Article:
The photos include images of the community garden two blocks from the Catholic Charities Midtown building, fresh produce cradled in hands, produce lining the market's Supa' Fresh Veggie Mobile trailer, Hannah pushing her "big girl" cart, glistening leafy greens and large slices of tomato begging to be eaten (slowly) and a kitchen table. In a time where consumption often means just opening a bag and eating, the photographs force one to slow down and examine what more than one volunteer called a "labor of love."
As a photographer, "you're trying to branch out, show people there's something important about this place," said City Greens volunteer Bob Harmon. "It was like trying to see something in the picture that had a purpose and a meaning behind it."
Harmon, who is 67 and has been volunteering with Charities Charities for over a year, points to his photograph of St. Cronan's Church, taken from the steps outside of City Greens. Directing his gaze outside, Harmon said his photography promotes the impact an individual can have on the community, all in relation to "a creator."
Thomas, who has began volunteering at City Greens late last season, said she found her "own time" in the hour and half classes. She discussed an old kitchen table, which she still owns, adorned with scratches and nicks, as a place where she took photographs as a youth.
"The table that I have, is the same table I grew up with it. I have a long history on my table -- cuts, scratches, everything. If you look at this table, it is worn down, but it is the strongest table," she said.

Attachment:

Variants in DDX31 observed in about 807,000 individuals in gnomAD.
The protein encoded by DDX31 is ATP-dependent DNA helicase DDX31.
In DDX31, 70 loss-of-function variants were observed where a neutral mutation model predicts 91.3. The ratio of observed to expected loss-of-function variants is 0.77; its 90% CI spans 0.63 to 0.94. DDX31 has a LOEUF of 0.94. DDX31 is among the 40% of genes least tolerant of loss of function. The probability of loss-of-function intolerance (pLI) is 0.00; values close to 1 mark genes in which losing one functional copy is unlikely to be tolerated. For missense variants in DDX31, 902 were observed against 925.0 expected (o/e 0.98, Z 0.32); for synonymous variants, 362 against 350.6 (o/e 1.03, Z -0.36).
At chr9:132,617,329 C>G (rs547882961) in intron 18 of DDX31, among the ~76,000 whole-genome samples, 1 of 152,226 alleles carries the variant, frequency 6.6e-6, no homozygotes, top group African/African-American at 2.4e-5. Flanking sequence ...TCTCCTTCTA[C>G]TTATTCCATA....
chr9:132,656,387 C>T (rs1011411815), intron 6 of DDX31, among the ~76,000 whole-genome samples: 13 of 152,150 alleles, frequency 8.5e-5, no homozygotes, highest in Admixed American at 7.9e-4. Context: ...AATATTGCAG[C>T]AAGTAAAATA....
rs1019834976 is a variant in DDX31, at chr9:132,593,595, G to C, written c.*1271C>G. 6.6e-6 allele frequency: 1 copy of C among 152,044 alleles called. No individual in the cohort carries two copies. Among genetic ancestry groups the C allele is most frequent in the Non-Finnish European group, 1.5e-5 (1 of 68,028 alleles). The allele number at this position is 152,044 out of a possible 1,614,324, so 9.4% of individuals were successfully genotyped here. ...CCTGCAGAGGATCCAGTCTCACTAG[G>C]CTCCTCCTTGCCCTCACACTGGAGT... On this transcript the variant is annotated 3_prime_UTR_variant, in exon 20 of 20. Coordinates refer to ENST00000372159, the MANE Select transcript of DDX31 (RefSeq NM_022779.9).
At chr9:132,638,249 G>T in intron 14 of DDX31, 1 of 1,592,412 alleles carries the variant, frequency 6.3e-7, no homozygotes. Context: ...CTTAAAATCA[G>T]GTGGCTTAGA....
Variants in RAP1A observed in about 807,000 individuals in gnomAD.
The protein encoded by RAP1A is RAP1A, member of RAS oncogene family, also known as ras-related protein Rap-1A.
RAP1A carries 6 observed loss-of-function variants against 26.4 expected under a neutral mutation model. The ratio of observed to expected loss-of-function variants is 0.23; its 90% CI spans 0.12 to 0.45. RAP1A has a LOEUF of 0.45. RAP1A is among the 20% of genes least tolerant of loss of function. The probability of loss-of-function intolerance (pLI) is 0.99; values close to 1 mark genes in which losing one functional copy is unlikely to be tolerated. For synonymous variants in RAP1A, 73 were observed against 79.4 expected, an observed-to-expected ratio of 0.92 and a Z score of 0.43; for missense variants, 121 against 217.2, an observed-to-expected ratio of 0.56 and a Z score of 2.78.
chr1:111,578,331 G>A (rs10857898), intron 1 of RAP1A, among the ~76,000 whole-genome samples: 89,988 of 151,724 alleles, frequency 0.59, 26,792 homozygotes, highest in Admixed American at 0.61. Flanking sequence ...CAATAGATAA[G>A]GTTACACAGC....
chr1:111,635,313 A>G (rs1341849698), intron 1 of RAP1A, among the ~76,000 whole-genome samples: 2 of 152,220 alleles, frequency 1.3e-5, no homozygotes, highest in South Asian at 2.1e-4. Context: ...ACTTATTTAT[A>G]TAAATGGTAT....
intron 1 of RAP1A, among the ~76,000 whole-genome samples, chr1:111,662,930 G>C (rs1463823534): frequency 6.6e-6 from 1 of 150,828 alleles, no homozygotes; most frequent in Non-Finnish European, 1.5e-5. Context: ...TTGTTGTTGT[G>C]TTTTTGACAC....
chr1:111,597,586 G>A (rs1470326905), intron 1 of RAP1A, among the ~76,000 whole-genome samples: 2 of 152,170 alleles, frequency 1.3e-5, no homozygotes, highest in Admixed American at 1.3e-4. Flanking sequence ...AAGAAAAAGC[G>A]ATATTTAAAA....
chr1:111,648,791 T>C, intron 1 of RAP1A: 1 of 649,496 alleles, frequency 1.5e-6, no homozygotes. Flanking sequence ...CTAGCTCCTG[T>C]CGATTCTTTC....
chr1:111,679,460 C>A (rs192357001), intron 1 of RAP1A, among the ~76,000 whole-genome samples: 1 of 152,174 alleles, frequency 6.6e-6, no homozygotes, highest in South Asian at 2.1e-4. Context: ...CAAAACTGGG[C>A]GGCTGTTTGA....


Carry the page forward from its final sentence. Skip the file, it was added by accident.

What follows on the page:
Scott's passion for art is driven by these stories, expressed in conversation and photography.
"These cameras go into people's pockets and they tell their story. It's a photo album of our city. We don't always run into each other, and there are so many wonderful people here," Scott said. "I've really enjoyed getting to peek in."
The Food We Eat
"Beets, mushrooms, eggplants."
"Everything out the garden, everything in the market."
"Okra! A lot of them didn't know that."
Giese and three volunteers are recounting vegetables Giese and other customers "didn't like" before they were introduced to volunteer Bobbie Sykes' cooking. Every Thursday of the regular season, Sykes and a roster of other volunteers cook adjacent to the market. Sykes' most popular items are her wraps, in which she "hides" vegetables. Even the pickiest eater comes back for seconds, Giese said.
"My grandkids say, 'I don't eat that!' I say, 'Yes, you do!'" Sykes said.
"They may have this perception that they would never touch a beet or mushroom, those look weird to me. But then you eat the wrap," Giese said, speaking from personal experience. To his credit, these days Giese will eat anything that comes into the market.
Throughout the interview, Giese and the volunteers drifted into appetite-inducing descriptions of past crops and dishes. Sweet pickles with onions, Daikon radish coleslaw, ribs, blackberries and countless other foods and dishes were described in detail, as each recounted his or her favorites.
Hannah says that her favorite food is lettuce. And in her cart, among the tan, purple and yellow vegetables, a burst of green shoots out, leaves of lettuce spilling out over the edge. Sykes said the photographs pay testament to an old cliche.
"A picture tells a thousand words," she said.
Johnny Buse, a recent graduate of Grinnell College, is an intern at the Beacon. To reach him, contact Beacon features and commentary editor Donna Korando.